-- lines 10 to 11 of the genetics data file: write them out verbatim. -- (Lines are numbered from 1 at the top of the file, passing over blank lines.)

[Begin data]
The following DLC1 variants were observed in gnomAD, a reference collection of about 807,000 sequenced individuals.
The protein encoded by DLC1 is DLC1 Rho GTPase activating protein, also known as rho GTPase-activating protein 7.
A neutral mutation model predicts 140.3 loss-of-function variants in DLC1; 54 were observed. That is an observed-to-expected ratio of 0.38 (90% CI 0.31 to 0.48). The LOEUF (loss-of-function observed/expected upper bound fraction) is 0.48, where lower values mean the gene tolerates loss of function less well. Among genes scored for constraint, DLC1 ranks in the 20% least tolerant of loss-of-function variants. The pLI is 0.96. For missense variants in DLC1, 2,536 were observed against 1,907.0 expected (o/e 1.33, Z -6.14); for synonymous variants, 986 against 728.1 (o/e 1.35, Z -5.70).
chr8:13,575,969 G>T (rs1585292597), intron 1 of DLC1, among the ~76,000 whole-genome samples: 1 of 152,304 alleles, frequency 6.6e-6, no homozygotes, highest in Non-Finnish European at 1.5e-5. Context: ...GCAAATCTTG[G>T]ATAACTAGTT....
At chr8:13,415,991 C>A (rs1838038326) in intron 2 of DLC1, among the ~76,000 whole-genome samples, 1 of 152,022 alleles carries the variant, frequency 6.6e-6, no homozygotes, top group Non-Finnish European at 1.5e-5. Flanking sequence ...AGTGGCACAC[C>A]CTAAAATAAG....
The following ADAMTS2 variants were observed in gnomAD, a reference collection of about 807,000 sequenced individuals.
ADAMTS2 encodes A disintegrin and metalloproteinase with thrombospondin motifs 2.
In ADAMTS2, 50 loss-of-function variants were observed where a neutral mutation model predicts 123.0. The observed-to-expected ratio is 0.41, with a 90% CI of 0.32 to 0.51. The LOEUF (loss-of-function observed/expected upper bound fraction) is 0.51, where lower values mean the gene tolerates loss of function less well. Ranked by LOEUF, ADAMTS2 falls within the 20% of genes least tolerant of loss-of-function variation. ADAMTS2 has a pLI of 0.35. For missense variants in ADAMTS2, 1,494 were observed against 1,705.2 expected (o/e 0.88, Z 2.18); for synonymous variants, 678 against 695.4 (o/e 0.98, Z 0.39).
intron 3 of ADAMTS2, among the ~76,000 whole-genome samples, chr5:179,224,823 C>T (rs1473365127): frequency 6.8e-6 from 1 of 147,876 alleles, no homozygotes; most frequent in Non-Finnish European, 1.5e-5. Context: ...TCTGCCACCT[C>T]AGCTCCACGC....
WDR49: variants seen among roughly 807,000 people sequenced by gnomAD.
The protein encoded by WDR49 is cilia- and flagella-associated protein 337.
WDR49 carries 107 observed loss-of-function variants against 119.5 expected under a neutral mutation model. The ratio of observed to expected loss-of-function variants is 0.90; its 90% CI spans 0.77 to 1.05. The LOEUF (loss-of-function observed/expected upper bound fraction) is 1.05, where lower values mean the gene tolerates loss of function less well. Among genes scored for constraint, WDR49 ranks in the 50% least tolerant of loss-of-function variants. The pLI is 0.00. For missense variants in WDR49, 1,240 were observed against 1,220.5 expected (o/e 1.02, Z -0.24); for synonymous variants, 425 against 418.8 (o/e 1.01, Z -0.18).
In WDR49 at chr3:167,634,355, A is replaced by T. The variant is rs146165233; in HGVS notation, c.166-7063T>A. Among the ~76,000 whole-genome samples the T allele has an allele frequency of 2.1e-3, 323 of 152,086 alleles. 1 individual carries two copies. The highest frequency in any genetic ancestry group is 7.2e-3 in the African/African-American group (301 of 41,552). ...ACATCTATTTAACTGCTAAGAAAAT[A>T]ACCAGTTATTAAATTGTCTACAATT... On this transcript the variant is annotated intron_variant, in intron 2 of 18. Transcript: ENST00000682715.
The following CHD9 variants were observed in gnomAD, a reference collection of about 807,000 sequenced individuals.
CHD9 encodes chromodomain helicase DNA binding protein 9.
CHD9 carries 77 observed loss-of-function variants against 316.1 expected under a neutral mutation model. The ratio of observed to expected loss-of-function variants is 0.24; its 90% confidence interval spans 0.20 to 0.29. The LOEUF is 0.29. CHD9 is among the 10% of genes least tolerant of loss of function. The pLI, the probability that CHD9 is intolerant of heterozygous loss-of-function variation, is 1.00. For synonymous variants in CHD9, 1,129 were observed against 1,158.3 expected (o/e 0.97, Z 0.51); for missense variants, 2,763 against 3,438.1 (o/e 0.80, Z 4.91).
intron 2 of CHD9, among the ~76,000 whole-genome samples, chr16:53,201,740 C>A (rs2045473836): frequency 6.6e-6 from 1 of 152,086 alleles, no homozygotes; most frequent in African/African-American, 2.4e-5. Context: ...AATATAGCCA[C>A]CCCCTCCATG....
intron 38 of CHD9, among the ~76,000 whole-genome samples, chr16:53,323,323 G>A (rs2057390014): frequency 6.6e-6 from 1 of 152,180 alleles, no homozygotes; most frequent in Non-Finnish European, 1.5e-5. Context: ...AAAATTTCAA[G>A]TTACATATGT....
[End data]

WDR49: variants seen among roughly 807,000 people sequenced by gnomAD.
The protein encoded by WDR49 is cilia- and flagella-associated protein 337.